A great Catholic novelist in the tradition of Walker Percy

3 mins read
Jon Fosse
Norwegian novelist, essayist, and playwright Jon Fosse. Markus Wissmann / Shutterstock.com

Among my favorite novels is Walker Percy’s Christian existential classic, “The Moviegoer,” winner of the 1962 National Book Award. The protagonist and narrator of the first-person novel, Binx Bolling, is on a self-described “search.” “What is the nature of the search?”, asks Binx. “Really it is very simple,” he explains:

“The search is what anyone would undertake if he were not sunk in the everydayness of his own life. This morning, for example, I felt as if I had come to myself on a strange island. And what does such a castaway do? Why, he pokes around the neighborhood and he doesn’t miss a trick.”

Put another way, the search is what takes Binx out of the everydayness of his own life on a quest for self-identity. The search is not an attempt at self-invention. Nor is it an exercise in narcissistic self-indulgence. Rather, it is Percy’s account of how we find meaning in our lives through a variety of resources and experiences, especially in relationships with other people.

Binx emerges from “everydayness” by observing signposts and signals that provide hints and clues about who he is. Binx finds himself in relief to things and other people, by his orientation to and relationship with others. Most importantly, he seeks to understand himself in relation to one specific person, through a climactic experience of self-giving. (You’ll have to read the novel to discover who that “other” is, and how both are affected through Binx’s search.)

Jon Fosse’s postmodernism with a purpose

I often thought about Binx Bolling and “The Moviegoer” as I recently read the astonishing series of seven novels, “Septology,” by the brilliant Norwegian novelist, essayist, and playwright Jon Fosse. I have to confess to never having heard of Fosse before he was awarded the Nobel Prize in literature in October 2023. The Nobel citation noted Fosse’s “innovative plays and prose which give voice to the unsayable.” In the press conference announcing the award, Anders Olsson, chairman of the Nobel literature committee, noted “Fosse’s sensitive language, which probes the limits of words.”

As noted above, “Septology” is a sequence of seven novels. But they are grouped in three volumes, the English translations of which give a clue about Fosse’s use of the names of his characters to probe the depths of self-identity and human relationships: “The Other Name” (novels 1 and 2), “I Is Another” (3 through 5), and “A New Name” (6 and 7). While Fosse falls squarely in the “postmodern” school of novelists, “Septology” is more accessible than such authors as Don DeLillo, Thomas Pynchon and Italo Calvino, for example. To be sure, they share techniques. But Fosse’s work seems to be less interested in demonstrating his cleverness and more in exploring the depths of human experience.

‘Septology’ probes the meaning of personhood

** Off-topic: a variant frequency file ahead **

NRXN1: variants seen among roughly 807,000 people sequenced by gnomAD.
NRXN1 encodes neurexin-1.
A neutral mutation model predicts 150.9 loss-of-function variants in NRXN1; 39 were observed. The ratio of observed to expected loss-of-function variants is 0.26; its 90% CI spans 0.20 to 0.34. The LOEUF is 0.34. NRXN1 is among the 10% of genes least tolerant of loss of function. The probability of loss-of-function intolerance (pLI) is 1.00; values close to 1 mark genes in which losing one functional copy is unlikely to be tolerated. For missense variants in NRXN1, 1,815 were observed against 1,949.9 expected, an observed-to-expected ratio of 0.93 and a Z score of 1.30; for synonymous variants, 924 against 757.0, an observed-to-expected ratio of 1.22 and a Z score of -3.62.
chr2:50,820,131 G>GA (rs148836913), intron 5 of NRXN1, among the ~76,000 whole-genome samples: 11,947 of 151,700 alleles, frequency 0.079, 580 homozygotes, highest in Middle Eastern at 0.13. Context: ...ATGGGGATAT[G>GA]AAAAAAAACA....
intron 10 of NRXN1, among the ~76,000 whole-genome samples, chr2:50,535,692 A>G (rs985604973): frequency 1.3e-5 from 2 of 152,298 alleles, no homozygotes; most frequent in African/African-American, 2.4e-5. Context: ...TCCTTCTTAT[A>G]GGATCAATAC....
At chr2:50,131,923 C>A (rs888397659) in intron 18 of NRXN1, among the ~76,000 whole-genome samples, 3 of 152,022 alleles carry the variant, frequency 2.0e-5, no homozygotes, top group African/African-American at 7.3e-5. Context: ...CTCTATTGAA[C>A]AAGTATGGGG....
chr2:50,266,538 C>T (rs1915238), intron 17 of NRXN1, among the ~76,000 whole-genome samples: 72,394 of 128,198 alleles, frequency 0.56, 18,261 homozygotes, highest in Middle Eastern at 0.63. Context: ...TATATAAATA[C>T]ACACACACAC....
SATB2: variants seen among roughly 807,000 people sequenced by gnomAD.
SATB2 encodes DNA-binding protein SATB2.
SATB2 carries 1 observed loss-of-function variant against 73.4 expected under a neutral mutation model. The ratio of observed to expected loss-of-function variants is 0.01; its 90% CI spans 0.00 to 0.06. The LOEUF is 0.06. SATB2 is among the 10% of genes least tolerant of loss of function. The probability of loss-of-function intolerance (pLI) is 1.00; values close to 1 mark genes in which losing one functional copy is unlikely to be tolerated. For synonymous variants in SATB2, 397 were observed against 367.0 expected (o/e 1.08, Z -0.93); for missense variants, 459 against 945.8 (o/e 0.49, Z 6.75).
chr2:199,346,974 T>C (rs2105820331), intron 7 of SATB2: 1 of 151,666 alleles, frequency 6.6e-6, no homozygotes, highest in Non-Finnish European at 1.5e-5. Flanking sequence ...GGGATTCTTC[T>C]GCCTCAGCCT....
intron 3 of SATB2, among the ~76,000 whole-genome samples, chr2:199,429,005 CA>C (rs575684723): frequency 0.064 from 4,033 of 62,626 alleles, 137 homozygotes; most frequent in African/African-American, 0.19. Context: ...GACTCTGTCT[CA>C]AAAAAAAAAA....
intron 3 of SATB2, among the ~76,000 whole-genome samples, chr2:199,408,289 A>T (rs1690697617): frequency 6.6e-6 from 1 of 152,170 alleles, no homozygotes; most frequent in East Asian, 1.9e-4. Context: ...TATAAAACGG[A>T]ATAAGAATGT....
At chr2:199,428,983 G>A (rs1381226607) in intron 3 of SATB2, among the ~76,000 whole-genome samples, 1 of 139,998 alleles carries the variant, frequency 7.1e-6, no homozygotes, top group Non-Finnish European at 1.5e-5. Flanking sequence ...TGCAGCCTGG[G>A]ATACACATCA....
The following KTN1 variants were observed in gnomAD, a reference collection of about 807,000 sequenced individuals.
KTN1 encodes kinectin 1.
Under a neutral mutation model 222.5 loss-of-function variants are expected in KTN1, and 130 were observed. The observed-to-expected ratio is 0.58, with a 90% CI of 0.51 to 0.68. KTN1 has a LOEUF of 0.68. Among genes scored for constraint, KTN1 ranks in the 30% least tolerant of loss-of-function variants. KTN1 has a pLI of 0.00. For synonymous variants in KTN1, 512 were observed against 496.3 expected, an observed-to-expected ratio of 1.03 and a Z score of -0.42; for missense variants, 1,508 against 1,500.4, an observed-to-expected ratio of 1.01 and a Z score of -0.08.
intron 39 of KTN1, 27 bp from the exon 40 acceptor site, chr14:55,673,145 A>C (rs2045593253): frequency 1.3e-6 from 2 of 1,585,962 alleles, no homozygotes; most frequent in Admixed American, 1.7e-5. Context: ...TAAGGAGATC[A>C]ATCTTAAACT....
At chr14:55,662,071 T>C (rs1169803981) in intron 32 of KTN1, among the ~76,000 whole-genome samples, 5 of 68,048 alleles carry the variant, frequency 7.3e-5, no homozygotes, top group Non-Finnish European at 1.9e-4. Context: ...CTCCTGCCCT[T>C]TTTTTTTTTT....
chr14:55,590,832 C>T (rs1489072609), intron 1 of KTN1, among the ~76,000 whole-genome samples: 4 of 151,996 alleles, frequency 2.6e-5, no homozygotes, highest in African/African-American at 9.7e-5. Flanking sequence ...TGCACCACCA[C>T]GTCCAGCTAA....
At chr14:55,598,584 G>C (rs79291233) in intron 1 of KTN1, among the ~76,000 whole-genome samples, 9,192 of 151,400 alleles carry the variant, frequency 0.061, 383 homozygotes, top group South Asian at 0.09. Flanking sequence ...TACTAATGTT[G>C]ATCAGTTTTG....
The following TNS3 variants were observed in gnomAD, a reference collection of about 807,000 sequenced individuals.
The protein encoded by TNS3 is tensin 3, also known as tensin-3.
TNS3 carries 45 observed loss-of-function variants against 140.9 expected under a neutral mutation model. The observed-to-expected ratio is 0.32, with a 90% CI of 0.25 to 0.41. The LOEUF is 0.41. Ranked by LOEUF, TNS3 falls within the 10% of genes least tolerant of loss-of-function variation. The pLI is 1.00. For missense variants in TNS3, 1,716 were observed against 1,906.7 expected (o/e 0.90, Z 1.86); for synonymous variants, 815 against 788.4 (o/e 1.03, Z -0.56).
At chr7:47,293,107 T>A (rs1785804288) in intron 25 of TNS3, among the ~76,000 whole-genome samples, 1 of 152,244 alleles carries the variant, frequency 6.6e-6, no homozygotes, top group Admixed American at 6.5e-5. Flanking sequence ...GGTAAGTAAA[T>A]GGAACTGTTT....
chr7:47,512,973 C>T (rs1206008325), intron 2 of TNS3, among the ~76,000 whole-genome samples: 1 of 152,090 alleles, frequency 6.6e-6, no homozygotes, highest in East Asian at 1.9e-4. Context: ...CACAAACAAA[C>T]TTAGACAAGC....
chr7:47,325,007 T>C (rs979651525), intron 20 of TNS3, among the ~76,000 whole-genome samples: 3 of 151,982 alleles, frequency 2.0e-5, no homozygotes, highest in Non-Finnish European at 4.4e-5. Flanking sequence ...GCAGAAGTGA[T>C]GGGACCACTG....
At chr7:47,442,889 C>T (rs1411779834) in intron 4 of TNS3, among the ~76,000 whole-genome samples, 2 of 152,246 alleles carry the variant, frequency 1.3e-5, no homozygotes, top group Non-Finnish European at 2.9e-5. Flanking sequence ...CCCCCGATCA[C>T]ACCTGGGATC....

The main character and narrator of Fosse’s novels, the aging artist Asle, is remarkably similar to Percy’s Binx Bolling. Asle searches for meaning in the signs, images, and people that provide the context of his own self-awareness. I don’t know whether Fosse knows Percy’s work. But Binx and Asle are clear literary cousins. Like Percy, Fosse is a convert to Catholicism, as is Asle, who makes a modest living as a relatively successful painter. Catholic sacramental theology is at the center of Asle’s life. The prayers of the Rosary frame his first-person narration.

“Septology” probes not only the limits of words, but the very meaning of personal identity in the concrete “everydayness” of human experience, to borrow Percy’s word. In the process, he provokes his reader to think deeply about what it means to be a person, and how that meaning is developed in relation to others. Asle’s life is closely intertwined with another aging painter, also named Asle, whose life is strikingly similar to the narrator. Indeed, the blurring of the lives of the two Asles is at the heart of the genius of the novels. The reader is challenged to think about whether the two Asles are actually different people, or the same person with two different identities, formed around the contingencies of counterfactual suppositions.

Most importantly, in “Septology” Fosse accounts for the solicitude of God’s redemptive activity in the world. He does this by accounting for the narrator’s experience of grace, in contrast to those around him who have shunned a life of faith for fleeting experiences that cannot fulfill the longings of the restless heart. The Catholic reader will be especially interested in Fosse’s examination of such weighty matters as the nature of personhood, moral agency, suffering, death, the hiddenness of God and the sacramental nature of human experience. If, like me, Jon Fosse is a new name for you, I enthusiastically commend “Septology” as an introduction to this innovative writer, whose art is informed by Catholic faith and sacrament. 

Kenneth Craycraft

Kenneth Craycraft, an OSV columnist, is a professor of moral theology at Mount St. Mary's Seminary and School of Theology in Cincinnati and author of “Citizens Yet Strangers: Living Authentically Catholic in a Divided America" (OSV Books).